Our Case Managers and Case Manager Assistants (CMAs)are utilising digital communication where possible but sadly, in some cases, it isn’t possible to rely solely on this kind of interaction.
We want you to know that we are very serious about protecting our clients and their families, at all times. We have, of course, revisited our approach to risk assessments for face-to-face meetings. These assessments are scrutinised by our team to ensure we protect clients, their families, support workers and our own staff and associates.
We are also being highly creative to help focus on positive solutions and ideas that make our clients feel reassured, calm and in control during self-isolation.
We’ve had meetings in gardens (with at least 3m between us and clients while families remain in other rooms) and have taken our own soap, hand towels and drinks to meetings.
In cases where we’ve had to manage an initial needs assessment (INA) and had to visit properties, we’ve worked with clients and their families to ensure individuals are safely distanced, and that we are in and out of the property as safely and as quickly as possible.
We have also come up with a range of thoughtful ways to help overcome the fear and panic that many clients have felt over the last few weeks.
When our case managers and CMAs return to our own homes, we are strictly adhering to government advice and are prioritising caution and care at all times. As experienced health and social care workers, we understand the gravitas of any decisions and actions we take but we also know that some of our more highly vulnerable clients cannot be supported entirely online, in the way they need.
We thought we’d share some of our ideas for clients this week, to inspire others:
Our clients’ indoor spaces and gardens (if they have them) are all they have. Many have been self-isolating for over a fortnight and are finding it hard to relax. Our Case Managers and CMAs have been working to help support workers and families create dedicated living environments and ‘zones’ for wellbeing.
The mental wellbeing of our clients is as much of a priority as their healthcare needs (and always has been). Nature activities and creative therapies have long been utilised by Stokes Case Management as tools to nurture positive wellbeing. Mindfulness is another way for our clients to overcome feelings of anxiety and fear.
When your home is being disinfected daily and starts to smell like a hospital, and your client can’t go outdoors, what do you do? Well, we worked to find aromas that calm clients and make them feel like they’re at home, not in a clinic. We’ve organised for lavender or other aromatic disinfectants to be used in clients’ homes if preferred. A small change but one that’s already reported to have worked wonders.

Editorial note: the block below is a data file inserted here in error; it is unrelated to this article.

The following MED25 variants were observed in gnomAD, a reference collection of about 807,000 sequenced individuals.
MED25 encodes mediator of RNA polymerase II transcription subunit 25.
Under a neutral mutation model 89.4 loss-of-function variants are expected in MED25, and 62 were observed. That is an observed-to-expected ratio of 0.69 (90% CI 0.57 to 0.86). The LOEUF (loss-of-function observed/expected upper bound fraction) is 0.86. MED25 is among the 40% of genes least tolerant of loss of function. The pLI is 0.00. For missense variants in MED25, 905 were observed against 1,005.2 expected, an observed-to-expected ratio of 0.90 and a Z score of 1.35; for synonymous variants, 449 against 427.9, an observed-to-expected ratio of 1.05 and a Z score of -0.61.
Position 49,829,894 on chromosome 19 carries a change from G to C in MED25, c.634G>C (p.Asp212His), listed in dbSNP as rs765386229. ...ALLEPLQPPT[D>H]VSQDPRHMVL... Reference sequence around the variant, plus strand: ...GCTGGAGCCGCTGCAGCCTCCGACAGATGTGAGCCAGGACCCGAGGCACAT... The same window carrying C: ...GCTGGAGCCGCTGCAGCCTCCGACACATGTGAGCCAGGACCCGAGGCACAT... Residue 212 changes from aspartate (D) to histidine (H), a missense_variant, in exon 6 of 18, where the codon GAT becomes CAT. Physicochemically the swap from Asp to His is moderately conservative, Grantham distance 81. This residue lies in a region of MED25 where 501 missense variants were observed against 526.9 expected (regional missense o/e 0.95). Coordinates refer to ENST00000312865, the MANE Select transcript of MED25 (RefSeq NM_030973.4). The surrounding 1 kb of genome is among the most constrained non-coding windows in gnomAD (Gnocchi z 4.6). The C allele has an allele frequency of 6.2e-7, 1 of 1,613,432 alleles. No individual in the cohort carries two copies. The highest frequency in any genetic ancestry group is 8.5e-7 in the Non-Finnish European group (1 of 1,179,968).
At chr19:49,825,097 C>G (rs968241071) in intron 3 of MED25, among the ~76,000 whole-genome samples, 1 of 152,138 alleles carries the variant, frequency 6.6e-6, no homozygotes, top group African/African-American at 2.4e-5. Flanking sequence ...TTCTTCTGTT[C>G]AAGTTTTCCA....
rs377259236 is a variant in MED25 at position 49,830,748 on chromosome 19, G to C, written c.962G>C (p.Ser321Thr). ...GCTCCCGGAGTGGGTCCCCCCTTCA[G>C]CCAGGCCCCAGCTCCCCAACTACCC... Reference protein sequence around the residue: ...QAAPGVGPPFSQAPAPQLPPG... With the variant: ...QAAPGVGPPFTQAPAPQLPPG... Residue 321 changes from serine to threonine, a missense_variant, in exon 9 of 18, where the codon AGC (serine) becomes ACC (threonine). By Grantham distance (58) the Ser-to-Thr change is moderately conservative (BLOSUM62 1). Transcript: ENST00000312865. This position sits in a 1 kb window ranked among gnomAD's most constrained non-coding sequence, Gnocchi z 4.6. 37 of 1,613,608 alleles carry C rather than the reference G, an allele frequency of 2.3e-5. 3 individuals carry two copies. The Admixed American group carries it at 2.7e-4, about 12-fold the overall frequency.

This means clients feel more comfortable with breathing techniques and relaxing in their homes. Some aromas, such as lavender have also helped clients to reduce their feelings of tension and associated headaches.
Some clients already live in homes that cater for live / work / play / therapy zones but this isn’t the case for everyone. Our clients in rural areas struggle with not being able to enjoy the outdoor environment they treasure and may also live in small homes.
We’re promoting the introduction of indoor gardens, window pots and the cultivation of seedlings. Spring is a gardener’s dream anyway and we’re introducing daily activities that take advantage of the sunshine (even if it’s only through the window). Clients with families who are self-isolating together are being encouraged to ‘garden’ together indoors. By focusing on the small things that have a positive and blossoming result, clients are relaxed, can participate and have created something at the end!
Thankfully there are lots of indoor gardening projects and equipment available to order online. The additional benefits of ‘green’ in the home are widely known and we’re encouraging clients to bring the outside in to the house. Many are creating indoor garden zones so they can choose to retreat to this activity if they need a bit of calm.
Mindfulness has already been on our therapy list for a long time, and for many individuals, it has changed their entire wellbeing outlook. Mindfulness activities go a long way towards calming and distracting clients as well as giving them positive tools to self-manage anxiety if they need it.
Where clients aren’t already using them, we’ve introduced mindfulness colouring and painting books. Our teams and therapists are offering guided meditation for some clients.
We also inviting individuals and their families to listen to audiobooks as well as reading (reading, while enjoyable or many, can often tire some of our clients, resulting in a negative mindset).
Some of our approaches are undoubtedly creative wellbeing ideas for everyone in the current climate. While ‘simple’, they can have a profound impact on staying calm, addressing anxiety and offer a welcome, positive distraction.
We’re also working with Neuro Physio Wales to identify ways to support new clients during the outbreak – if required. Clients don’t always reach us immediately post-injury and will often exhibit real need for urgent physical treatment as well as emotional support – regardless of the need to manage their requirements during a long period of self-isolation.
To read our latest update on our approach during the Covid-19 outbreak, please click here.